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Published on 2012-03-20T00:47:05Z Indexed on 2012/03/20 5:39 UTC
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I'm a software engineer working on a complex, ongoing website. It has a lot of moving parts and a small team of UI designers and business folks adding new features and tweaking old ones. Over the last year or so, we've added hundreds of interesting little edge cases. Planning, implementing, and testing them is not a problem.
The problem comes later, when we want to refactor or add another new feature. Nobody remembers half of the old features and edge cases from a year ago. When we want to add a new change, we notice that code does all sorts of things in there, and we're not entirely sure which things are intentional requirements and which are meaningless side effects. Did someone last year request that the login token was supposed to only be valid for 30 minutes, or did some programmers just pick a sensible default? Can we change it?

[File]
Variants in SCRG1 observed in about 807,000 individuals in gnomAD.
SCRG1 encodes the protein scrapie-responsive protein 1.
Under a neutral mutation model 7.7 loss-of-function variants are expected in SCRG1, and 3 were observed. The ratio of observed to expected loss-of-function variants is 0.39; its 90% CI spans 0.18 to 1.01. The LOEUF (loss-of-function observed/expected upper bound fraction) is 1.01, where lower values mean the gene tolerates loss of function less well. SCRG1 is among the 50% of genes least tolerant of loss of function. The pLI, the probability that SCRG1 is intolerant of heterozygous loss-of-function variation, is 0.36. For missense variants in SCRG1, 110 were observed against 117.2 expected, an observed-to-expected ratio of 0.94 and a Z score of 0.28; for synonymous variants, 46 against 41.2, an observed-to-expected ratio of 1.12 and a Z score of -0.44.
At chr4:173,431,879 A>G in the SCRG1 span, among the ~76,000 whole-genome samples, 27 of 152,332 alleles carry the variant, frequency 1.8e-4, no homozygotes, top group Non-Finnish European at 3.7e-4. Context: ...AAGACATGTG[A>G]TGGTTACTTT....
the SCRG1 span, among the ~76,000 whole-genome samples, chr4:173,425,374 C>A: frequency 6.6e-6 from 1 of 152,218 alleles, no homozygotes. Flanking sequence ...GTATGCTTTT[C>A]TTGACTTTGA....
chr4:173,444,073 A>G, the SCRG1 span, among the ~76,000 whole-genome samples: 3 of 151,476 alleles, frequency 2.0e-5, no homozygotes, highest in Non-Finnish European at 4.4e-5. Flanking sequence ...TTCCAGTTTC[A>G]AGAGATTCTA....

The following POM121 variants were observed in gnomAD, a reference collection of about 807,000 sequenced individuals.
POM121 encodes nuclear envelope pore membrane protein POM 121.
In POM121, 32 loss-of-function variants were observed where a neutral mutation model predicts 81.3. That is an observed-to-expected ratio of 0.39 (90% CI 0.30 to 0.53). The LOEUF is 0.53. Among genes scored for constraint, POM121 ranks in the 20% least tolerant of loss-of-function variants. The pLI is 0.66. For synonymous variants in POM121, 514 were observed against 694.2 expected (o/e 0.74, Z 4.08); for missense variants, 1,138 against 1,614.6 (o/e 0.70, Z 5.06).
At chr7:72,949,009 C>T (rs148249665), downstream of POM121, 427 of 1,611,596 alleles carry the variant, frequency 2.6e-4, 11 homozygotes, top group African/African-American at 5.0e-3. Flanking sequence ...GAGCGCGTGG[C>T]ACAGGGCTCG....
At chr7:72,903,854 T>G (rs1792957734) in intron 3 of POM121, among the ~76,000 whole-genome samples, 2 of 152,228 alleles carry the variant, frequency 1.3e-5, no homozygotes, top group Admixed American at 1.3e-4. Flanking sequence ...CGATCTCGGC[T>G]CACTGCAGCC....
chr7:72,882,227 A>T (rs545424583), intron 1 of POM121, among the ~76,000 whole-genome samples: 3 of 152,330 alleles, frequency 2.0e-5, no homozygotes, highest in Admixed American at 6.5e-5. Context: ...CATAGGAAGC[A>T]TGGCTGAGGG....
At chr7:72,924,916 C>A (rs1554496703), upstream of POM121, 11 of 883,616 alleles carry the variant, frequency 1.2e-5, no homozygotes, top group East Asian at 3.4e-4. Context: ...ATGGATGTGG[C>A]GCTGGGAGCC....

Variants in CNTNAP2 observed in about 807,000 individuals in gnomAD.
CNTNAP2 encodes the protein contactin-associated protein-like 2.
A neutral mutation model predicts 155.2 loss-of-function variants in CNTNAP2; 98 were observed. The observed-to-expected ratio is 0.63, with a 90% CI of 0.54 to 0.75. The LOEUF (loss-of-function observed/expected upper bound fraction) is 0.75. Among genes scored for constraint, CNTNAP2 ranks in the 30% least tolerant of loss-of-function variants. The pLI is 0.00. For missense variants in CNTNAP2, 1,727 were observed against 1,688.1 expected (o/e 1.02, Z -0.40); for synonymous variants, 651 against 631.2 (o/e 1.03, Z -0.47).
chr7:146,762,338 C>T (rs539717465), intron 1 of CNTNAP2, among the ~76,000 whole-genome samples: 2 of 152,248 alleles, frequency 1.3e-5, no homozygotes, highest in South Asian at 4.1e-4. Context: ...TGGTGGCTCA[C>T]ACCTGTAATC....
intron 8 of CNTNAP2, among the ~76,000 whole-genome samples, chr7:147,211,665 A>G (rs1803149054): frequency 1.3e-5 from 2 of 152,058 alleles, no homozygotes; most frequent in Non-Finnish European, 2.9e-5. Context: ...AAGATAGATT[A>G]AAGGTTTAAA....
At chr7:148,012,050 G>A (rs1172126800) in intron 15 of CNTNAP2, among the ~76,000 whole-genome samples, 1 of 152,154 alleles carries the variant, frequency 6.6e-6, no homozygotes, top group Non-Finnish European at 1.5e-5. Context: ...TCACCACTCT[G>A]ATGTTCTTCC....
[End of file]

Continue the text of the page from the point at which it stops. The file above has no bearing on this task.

Back when the product was first envisioned, we created some documentation describing how the site worked. Since then we created a few additional documents describing new features, but nobody ever goes back and updates those documents when new features are requested, so the only authoritative documentation is the code itself. But the code provides no justification, no reason for its actions: only the how, never the why.
What do other long-running teams do to keep track of what the requirements were and why?
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